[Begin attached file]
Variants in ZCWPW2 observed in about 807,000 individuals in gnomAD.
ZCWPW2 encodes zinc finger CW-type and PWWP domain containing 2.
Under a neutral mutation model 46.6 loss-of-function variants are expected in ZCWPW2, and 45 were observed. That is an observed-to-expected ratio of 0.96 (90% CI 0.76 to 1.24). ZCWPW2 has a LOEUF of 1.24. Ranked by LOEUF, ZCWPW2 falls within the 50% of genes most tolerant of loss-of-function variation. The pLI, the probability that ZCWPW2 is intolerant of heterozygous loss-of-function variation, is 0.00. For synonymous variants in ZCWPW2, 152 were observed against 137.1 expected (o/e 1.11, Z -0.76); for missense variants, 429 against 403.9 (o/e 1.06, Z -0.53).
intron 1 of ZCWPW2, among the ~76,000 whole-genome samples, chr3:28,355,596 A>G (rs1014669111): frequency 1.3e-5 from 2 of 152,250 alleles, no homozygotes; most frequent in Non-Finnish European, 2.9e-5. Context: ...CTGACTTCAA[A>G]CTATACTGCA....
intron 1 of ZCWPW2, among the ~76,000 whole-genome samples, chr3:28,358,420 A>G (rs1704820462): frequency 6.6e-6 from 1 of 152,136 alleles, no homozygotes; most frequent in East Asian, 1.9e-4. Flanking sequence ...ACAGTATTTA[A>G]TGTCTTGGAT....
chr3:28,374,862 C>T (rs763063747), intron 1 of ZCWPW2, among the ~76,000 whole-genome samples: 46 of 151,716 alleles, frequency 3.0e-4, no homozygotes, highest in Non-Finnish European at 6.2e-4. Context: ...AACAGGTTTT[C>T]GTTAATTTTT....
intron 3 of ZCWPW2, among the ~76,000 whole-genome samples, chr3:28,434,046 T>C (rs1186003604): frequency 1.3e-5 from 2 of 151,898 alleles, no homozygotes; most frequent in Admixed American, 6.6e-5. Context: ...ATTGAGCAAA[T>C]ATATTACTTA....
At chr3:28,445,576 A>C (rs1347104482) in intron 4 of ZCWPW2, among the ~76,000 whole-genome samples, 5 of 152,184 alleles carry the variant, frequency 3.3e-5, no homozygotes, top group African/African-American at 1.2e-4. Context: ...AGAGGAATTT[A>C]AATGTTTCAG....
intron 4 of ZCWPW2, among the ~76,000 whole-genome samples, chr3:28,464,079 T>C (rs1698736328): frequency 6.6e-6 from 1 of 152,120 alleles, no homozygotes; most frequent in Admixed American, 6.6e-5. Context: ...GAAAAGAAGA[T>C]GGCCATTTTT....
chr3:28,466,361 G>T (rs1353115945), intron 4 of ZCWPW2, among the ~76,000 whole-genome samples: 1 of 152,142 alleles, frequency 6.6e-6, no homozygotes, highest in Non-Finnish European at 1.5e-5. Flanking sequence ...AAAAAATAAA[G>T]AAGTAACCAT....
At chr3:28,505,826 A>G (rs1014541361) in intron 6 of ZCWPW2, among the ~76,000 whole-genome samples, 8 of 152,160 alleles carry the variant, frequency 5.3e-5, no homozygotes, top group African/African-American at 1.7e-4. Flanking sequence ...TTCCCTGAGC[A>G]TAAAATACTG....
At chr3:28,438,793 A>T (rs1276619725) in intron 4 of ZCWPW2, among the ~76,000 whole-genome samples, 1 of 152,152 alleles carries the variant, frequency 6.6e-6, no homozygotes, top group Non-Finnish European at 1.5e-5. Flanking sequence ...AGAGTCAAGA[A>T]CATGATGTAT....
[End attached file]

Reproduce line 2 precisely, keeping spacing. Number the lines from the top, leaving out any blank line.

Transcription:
ZCWPW2 encodes zinc finger CW-type and PWWP domain containing 2.